Born in Venice, Italy, Caser was an etcher, decorator and painter of the figure, landscape and marines. He studied at the Art Academy in Venice with Ettore Tito and M. de Maria. He was interested in old master techniques and his style and subject matter reflect the Venetian tradition. While researching in the Venice archives, he uncovered a recipe for Tintoretto's medium. He and Charles Hawthorne experimented with the formula in Venice (1906-07) and it was later commercially produced in the United States under the name "Hawthorne Medium." Some sources indicate that Caser came to the United States in 1908, but H. Dudley Murphy claimed that he met Caser in Italy in 1914 and induced him to come to the United States to work. Caser worked in Murphy's studio in Winchester for some time, and did the decorations for the Ginn Estate in Winchester during this period. He then moved to Chicago where he continued his decoration work. Caser returned to Italy during World War I where he served in the army and received the War Cross for distinguished service. After World War I he settled in New York City. He decorated the dining room for the Engineer's Club in New York City, and did the decorations for the Peoples Savings Association in Toledo, Ohio. Caser won a silver medal at the San Francisco Exposition, 1915; a silver medal at Rimini, Italy; and the Thomas B. Clark Prize at the National Academy in 1929 for "Fruits of the Earth." An exhibition of his work was held at Grand Central Galleries in 1929 where a memorial exhibition of his work was held in 1945.
The text of a brochure for a memorial exhibition in honor of the artist reads as follows:
With the opening of the Memorial Exhibition to Mr. Ettore Caser, the public will see his work in something of its entirety and continuity.
Mr. Caser was a Venetian and the glory that was Venice ever held him enthralled. He had a profound knowledge of the methods of the Old Masters and of their techniques. Throughout his canvasses will be found qualities of texture and color such as can only be produced by these ancient methods.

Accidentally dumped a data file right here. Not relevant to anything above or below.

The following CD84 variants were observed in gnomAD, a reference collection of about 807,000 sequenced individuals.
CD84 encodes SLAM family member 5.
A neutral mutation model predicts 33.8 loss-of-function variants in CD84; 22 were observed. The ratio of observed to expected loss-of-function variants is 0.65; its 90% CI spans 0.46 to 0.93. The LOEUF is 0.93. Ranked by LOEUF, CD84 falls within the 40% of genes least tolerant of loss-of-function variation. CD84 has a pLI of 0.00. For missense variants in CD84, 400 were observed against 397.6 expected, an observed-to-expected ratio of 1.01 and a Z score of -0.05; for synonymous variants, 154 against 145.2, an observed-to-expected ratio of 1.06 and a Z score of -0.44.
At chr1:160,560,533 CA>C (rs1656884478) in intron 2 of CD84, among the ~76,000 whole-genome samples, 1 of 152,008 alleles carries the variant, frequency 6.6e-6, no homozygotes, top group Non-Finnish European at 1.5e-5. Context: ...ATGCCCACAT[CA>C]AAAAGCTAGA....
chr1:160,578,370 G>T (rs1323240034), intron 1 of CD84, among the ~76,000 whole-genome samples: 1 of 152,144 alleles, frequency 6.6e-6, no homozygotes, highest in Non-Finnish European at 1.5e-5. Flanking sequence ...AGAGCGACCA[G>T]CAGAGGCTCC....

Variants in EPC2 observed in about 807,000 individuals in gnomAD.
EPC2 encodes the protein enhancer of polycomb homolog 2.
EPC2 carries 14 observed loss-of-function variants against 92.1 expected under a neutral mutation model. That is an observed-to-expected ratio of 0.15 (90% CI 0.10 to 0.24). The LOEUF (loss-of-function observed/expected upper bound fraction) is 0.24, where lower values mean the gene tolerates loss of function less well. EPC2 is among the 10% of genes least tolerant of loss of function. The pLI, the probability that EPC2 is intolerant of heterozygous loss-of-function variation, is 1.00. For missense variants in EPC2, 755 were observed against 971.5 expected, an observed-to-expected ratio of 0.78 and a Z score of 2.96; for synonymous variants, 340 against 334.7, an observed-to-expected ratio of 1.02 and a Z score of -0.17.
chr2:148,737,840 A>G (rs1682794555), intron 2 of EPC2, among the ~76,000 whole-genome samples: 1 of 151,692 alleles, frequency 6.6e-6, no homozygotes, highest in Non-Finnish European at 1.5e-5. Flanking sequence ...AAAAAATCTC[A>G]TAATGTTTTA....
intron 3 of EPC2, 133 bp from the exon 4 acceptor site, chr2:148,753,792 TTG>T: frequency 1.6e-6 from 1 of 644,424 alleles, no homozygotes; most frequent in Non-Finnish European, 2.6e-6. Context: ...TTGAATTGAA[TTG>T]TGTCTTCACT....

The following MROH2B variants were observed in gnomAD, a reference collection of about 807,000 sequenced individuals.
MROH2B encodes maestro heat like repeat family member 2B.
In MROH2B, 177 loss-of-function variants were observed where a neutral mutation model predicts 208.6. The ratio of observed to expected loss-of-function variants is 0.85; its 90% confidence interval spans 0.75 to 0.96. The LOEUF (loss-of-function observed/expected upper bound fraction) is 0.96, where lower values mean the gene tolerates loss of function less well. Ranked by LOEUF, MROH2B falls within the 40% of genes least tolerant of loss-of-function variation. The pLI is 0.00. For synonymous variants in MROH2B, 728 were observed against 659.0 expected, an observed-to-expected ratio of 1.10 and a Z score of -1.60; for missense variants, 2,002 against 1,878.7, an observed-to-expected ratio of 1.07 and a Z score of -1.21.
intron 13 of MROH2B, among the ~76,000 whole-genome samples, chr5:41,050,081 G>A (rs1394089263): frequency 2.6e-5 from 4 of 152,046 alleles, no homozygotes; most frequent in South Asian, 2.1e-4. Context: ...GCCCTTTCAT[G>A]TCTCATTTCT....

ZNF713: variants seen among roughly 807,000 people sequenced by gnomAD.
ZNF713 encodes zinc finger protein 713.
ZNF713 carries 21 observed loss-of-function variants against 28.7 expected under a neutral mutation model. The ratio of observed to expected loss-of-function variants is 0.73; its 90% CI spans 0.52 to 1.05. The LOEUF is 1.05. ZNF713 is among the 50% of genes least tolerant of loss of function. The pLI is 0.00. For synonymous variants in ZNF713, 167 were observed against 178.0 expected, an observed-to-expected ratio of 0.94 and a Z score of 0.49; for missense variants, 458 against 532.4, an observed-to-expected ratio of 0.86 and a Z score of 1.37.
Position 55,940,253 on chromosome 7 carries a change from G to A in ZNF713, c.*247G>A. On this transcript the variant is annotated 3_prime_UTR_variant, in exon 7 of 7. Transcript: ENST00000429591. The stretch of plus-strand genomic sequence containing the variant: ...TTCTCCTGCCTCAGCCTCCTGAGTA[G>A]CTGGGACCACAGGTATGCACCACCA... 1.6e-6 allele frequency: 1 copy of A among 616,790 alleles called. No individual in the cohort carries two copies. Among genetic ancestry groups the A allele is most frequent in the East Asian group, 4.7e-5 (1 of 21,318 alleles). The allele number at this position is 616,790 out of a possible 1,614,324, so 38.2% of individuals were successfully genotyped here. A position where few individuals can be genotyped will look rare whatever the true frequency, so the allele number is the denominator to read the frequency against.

Caser had an insatiable enthusiasm for painting. He had a child-like simplicity and gave forth a warmth of friendliness but with an almost timid reserve. His six years at the Conservatory of Music in Venice proved a valuable asset, for there are musical qualities and an ever-present gaiety in his imaginative and decorative canvasses.
John Singer Sargent while working on his Boston Museum decorations, made several trips to see the self-portrait of Caser in the home of H. Dudley Murphy in Lexington, Mass. Mr. Murphy, a famous American artist, persuaded Caser to come to this country, and helped to establish him in Winchester. His work was well received both in Boston and Chicago and resulted in commissions for decorations in many homes, including the famous Ginn Estate in Winchester.
During the first World War he paid his own fare to Italy and back after fighting for three long years in the Alps for his native Italy. When he returned to America, he became a citizen.
Caser is represented in the National Bank in Toledo, Ohio, by a huge mural which has for its theme: "Anthony Wayne and the Indians at the Marmoux River"; also here in New York he has four twelve-foot murals at the Engineer's Club, as well as a picture at the Salmagundi Club, and the Boston Art Club. Among his prizes were a Silver medal at San Francisco World's Fair, the W. A. Clark Prize at National Academy and others.